Above, an NH90 helicopter. Italy has pushed full delivery of Army and Navy NH90 helicopters back from 2018 to 2021. (NHIndustries)
ROME — Italy’s newly released Defense Ministry budget for 2012 reveals that a number of key procurement programs are to be slowed as spending cuts announced last year begin to bite.
After deciding last year to slash 28 percent off procurement spending, Italy has reduced its F-35 Joint Strike Fighter order, announced a fire sale of Navy ships and hatched plans to cut 30,000 troops.
But Rome had not, until now, gone public with a full breakdown on its truncated spending plan for 2012. Due for publication last November, Italy’s 2012 budget had been delayed as generals divided up scarce funds for ongoing programs.
Released to the parliament at the end of June and seen by Defense News, the spending document describes a “reduction, remodulation, slow down and reorienting” of procurement in 2012.
The completion of Italy’s purchase of 249 VBM Freccia armored vehicles, built by Iveco and Oto Melara, slips from this year to 2016, while the full buy of Italy’s second pair of U 212 submarines is pushed back from 2016 to 2017.
The upgrading of Italian mine-sweepers is moved back from 2014 to 2018, while the full delivery of Army and Navy NH90 helicopters is pushed from 2018 to 2021. New combat search-and-rescue AW101 helicopters for the Air Force will be fully delivered by 2017, not 2014.
Deliveries of the new Vulcano munition for Army and Navy guns, and small-diameter bombs and a new direct infrared countermeasure system for the Air Force are all put back by at least two years.
“There has been a tendency for a number of years to delay big decisions about a large rebalancing of the budget,” said Roberto Menotti, an analyst at think tank Aspen Institute Italia. “It is a cautious way to proceed that makes sense when the future is uncertain, but you want to be at the table in Europe on major programs.”
The upshot, he added, is that producers such as Italy’s Finmeccanica defense and aerospace group are being driven “to find innovative ways into new markets as their traditional sources of income reduce.”
Total Defense Ministry spending this year stands at 13.61 billion euros ($16.75 billion), down 5.2 percent from 2011, and equal to 0.84 percent of Italy’s gross domestic product.
After years of taking the brunt of cuts, Italy’s maintenance and operations spending receives a 5.4 percent top-up to reach 1.52 billion euros, but the spending document warns that funding is still “insufficient,” and that if the situation does not improve, Italy could find it hard to meet overseas deployment commitments.
Personnel spending also is stable at 9.6 billion euros, leaving procurement to suffer the entire burden of the cut, which was decided last year as Italy scrambled to reduce its budget deficit. Spending on procurement stands at 2.48 billion euros, down by 28.2 percent.
The regular top-up from Italy’s Ministry of Industry amounts to 1.3 billion euros this year, with another 375 million euros starting to be freed for procurement from funds officially earmarked for military missions.
But the total still falls far short of 2011 spending. Defense Minister Giampaolo di Paola has said that combining all funding, Italy’s defense spending this year reaches 0.92 percent of GDP, well below the European average.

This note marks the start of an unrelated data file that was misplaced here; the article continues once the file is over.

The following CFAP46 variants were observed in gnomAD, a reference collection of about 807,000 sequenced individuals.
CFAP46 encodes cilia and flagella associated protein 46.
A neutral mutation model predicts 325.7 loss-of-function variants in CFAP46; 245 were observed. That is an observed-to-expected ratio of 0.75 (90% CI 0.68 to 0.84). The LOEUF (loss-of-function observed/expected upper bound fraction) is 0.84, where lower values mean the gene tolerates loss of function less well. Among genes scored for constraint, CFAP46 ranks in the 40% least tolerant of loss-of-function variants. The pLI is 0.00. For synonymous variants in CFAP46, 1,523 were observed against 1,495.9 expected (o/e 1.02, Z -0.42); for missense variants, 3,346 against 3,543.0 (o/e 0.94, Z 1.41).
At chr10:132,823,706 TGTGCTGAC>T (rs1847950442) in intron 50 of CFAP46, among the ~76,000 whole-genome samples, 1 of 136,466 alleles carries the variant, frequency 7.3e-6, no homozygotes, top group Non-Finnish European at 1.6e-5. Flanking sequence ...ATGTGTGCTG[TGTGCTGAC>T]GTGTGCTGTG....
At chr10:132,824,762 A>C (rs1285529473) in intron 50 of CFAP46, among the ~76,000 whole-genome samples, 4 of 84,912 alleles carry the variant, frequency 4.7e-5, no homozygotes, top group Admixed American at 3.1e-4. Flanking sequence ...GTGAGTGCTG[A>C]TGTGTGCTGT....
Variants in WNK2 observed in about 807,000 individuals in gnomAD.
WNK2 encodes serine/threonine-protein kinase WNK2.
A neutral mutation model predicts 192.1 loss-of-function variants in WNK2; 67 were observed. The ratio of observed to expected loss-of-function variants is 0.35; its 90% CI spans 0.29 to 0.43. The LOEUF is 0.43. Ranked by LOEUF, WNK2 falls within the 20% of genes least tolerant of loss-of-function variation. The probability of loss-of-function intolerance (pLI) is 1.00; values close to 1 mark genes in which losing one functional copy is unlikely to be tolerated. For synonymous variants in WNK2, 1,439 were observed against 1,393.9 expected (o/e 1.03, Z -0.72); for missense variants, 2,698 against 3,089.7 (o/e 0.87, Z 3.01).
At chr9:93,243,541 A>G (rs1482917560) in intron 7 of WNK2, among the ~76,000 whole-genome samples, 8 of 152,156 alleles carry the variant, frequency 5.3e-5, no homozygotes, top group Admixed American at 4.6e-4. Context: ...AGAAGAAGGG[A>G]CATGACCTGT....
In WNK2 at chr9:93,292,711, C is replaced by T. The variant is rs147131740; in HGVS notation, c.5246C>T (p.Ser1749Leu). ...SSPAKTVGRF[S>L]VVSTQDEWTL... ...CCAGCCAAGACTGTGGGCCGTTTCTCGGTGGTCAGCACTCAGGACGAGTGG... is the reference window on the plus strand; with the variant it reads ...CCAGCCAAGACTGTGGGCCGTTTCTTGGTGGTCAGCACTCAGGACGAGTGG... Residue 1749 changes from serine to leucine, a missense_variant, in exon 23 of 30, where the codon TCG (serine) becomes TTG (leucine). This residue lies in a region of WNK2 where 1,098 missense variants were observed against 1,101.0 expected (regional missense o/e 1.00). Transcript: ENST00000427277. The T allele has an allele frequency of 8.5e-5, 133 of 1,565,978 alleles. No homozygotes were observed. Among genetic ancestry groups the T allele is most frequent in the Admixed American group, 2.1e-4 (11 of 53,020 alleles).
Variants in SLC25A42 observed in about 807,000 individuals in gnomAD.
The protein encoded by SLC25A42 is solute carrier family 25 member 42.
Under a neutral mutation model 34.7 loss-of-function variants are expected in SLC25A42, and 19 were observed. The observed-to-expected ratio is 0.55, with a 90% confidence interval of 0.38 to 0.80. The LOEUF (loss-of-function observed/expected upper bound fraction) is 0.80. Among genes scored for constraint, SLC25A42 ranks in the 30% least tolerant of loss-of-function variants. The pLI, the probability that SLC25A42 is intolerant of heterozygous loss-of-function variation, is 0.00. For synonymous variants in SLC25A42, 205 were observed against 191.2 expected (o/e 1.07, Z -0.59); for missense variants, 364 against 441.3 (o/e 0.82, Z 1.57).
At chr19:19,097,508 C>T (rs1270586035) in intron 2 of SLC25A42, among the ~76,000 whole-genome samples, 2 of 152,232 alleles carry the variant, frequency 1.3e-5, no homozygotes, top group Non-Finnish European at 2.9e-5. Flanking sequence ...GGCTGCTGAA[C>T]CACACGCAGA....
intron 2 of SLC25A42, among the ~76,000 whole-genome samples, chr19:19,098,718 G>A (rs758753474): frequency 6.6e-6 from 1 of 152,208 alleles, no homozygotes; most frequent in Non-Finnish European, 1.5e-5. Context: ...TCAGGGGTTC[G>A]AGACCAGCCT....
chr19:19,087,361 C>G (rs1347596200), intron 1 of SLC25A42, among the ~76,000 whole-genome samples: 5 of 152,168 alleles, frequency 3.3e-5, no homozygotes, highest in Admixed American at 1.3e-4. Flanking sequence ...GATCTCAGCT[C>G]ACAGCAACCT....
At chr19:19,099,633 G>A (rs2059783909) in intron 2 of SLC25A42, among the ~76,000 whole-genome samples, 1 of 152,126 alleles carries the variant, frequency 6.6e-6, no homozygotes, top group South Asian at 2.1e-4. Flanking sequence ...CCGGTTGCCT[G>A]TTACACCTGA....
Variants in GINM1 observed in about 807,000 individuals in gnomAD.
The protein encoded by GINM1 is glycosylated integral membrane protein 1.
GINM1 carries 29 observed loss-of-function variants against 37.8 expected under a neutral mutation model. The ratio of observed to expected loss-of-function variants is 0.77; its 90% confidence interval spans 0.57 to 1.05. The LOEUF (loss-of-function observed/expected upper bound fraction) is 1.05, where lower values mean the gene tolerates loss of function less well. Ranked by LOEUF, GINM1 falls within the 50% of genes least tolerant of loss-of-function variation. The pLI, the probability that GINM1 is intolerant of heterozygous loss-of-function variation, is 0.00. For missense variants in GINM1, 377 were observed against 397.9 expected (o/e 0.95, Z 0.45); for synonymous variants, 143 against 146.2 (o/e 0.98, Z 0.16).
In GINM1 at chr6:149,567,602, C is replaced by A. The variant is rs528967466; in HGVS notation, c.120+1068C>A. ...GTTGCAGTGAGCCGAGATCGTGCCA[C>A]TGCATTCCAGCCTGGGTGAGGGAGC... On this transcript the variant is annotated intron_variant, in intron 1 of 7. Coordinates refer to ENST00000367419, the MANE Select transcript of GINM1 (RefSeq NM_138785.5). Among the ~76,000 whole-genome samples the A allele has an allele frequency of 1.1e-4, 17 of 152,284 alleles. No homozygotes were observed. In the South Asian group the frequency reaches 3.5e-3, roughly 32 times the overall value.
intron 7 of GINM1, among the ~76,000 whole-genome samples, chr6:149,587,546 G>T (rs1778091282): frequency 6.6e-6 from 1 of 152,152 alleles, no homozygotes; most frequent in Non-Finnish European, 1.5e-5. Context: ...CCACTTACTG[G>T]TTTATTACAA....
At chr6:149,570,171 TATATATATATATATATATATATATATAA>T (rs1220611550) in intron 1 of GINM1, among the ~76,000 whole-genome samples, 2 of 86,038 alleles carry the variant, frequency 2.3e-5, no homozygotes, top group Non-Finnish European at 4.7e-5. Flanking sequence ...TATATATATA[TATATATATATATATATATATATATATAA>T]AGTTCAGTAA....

Finmeccanica also has reported that the Italian government has released no research-and-development funds under its Law 808 provision this year, after releasing 400 million euros last year.
The spending document reveals some programs have been accelerated. The upgrade of Mangusta attack helicopters — with new sighting systems to facilitate the adoption of Spike missiles — is moved forward from 2017 to 2014.
Other programs appear for the first time, including 40 explosive and roadside bomb disposal vehicles at a cost of 120 million euros. Built by Italy’s Iveco with Germany’s Krauss-Maffei Wegmann, these are part of the Multi-Purpose Vehicle family the companies are developing, which have been likened to U.S. mine-resistant, ambush-protected vehicle.
Italy has signed on to deliver an ambulance version to its Army.
The new program meets a stated aim in the spending document of prioritizing force protection in theater. The document also lists the purchase of 60 gun turrets to be mounted on Italy’s new Iveco VTLM 1A armored vehicles.
A 16 million euro program to buy 81mm mortars makes it into the spending column for the first time. Also listed is the acquisition of an unnamed Navy tactical UAV. The UAV, the document states, will be used for surveillance and flown from vessels during anti-pirate missions.
The document also lists the launch of the development of “onboard systems to equip the MC-27J destined to support Special Forces.” The MC-27J is the gunship version of the C-27J airlifter, planned by maker Alenia Aermacchi, a unit of Finmeccanica.
“At the moment, we are trying to keep up procurement and be flexible on running costs. But something has been adjusted on procurement, like the F-35 cuts,” said the Air Force chief, Gen. Giuseppe Bernardis.
“My personal view is that we cannot afford to cut too much, because we still have a strong industrial base, and we think that base has to be supported,” he said.
“We want to keep investment levels as much as possible,” Bernardis said. “In the case of the JSF, we accepted a reduction of numbers as long as we could keep up capabilities. To have enough to still be effective.”